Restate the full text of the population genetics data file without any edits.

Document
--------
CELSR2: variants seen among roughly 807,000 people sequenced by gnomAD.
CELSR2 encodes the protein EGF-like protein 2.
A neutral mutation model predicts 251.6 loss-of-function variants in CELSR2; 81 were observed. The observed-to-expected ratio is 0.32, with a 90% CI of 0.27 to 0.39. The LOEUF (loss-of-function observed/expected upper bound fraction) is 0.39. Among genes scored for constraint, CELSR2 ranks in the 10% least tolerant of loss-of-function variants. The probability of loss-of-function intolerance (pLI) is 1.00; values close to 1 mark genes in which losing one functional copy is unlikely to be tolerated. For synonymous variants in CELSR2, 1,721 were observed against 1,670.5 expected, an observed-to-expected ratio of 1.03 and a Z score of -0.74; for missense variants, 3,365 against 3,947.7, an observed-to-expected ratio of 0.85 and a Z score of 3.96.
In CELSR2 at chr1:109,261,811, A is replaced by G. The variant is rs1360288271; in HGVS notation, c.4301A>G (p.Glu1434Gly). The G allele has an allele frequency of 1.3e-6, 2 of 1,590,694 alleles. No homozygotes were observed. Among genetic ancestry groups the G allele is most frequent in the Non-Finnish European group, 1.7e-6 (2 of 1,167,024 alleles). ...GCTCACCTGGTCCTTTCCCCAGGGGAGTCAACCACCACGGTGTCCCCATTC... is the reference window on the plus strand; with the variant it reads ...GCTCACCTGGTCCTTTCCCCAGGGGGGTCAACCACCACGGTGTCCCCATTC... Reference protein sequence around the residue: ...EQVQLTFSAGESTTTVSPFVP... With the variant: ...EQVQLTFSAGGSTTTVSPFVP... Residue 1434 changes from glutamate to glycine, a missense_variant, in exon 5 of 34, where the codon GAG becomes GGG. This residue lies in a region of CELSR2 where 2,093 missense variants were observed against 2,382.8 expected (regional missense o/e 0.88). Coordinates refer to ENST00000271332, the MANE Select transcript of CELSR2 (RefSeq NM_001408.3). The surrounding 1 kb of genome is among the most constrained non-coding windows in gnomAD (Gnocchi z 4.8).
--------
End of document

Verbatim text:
CELSR2: variants seen among roughly 807,000 people sequenced by gnomAD.
CELSR2 encodes the protein EGF-like protein 2.
A neutral mutation model predicts 251.6 loss-of-function variants in CELSR2; 81 were observed. The observed-to-expected ratio is 0.32, with a 90% CI of 0.27 to 0.39. The LOEUF (loss-of-function observed/expected upper bound fraction) is 0.39. Among genes scored for constraint, CELSR2 ranks in the 10% least tolerant of loss-of-function variants. The probability of loss-of-function intolerance (pLI) is 1.00; values close to 1 mark genes in which losing one functional copy is unlikely to be tolerated. For synonymous variants in CELSR2, 1,721 were observed against 1,670.5 expected, an observed-to-expected ratio of 1.03 and a Z score of -0.74; for missense variants, 3,365 against 3,947.7, an observed-to-expected ratio of 0.85 and a Z score of 3.96.
In CELSR2 at chr1:109,261,811, A is replaced by G. The variant is rs1360288271; in HGVS notation, c.4301A>G (p.Glu1434Gly). The G allele has an allele frequency of 1.3e-6, 2 of 1,590,694 alleles. No homozygotes were observed. Among genetic ancestry groups the G allele is most frequent in the Non-Finnish European group, 1.7e-6 (2 of 1,167,024 alleles). ...GCTCACCTGGTCCTTTCCCCAGGGGAGTCAACCACCACGGTGTCCCCATTC... is the reference window on the plus strand; with the variant it reads ...GCTCACCTGGTCCTTTCCCCAGGGGGGTCAACCACCACGGTGTCCCCATTC... Reference protein sequence around the residue: ...EQVQLTFSAGESTTTVSPFVP... With the variant: ...EQVQLTFSAGGSTTTVSPFVP... Residue 1434 changes from glutamate to glycine, a missense_variant, in exon 5 of 34, where the codon GAG becomes GGG. This residue lies in a region of CELSR2 where 2,093 missense variants were observed against 2,382.8 expected (regional missense o/e 0.88). Coordinates refer to ENST00000271332, the MANE Select transcript of CELSR2 (RefSeq NM_001408.3). The surrounding 1 kb of genome is among the most constrained non-coding windows in gnomAD (Gnocchi z 4.8).